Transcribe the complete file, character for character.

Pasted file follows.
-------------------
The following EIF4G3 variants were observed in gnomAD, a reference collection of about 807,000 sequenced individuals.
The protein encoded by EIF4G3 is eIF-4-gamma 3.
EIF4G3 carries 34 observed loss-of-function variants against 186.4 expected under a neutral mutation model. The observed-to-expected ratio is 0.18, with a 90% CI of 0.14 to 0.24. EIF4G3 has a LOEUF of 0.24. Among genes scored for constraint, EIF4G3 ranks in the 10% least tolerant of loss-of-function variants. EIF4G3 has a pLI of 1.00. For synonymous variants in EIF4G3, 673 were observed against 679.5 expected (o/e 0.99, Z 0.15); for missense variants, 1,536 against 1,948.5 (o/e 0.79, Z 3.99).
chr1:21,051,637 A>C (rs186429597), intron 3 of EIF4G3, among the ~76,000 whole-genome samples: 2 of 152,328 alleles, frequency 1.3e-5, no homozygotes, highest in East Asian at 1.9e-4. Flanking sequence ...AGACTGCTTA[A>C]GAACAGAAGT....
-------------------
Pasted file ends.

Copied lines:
The following EIF4G3 variants were observed in gnomAD, a reference collection of about 807,000 sequenced individuals.
The protein encoded by EIF4G3 is eIF-4-gamma 3.
EIF4G3 carries 34 observed loss-of-function variants against 186.4 expected under a neutral mutation model. The observed-to-expected ratio is 0.18, with a 90% CI of 0.14 to 0.24. EIF4G3 has a LOEUF of 0.24. Among genes scored for constraint, EIF4G3 ranks in the 10% least tolerant of loss-of-function variants. EIF4G3 has a pLI of 1.00. For synonymous variants in EIF4G3, 673 were observed against 679.5 expected (o/e 0.99, Z 0.15); for missense variants, 1,536 against 1,948.5 (o/e 0.79, Z 3.99).
chr1:21,051,637 A>C (rs186429597), intron 3 of EIF4G3, among the ~76,000 whole-genome samples: 2 of 152,328 alleles, frequency 1.3e-5, no homozygotes, highest in East Asian at 1.9e-4. Flanking sequence ...AGACTGCTTA[A>C]GAACAGAAGT....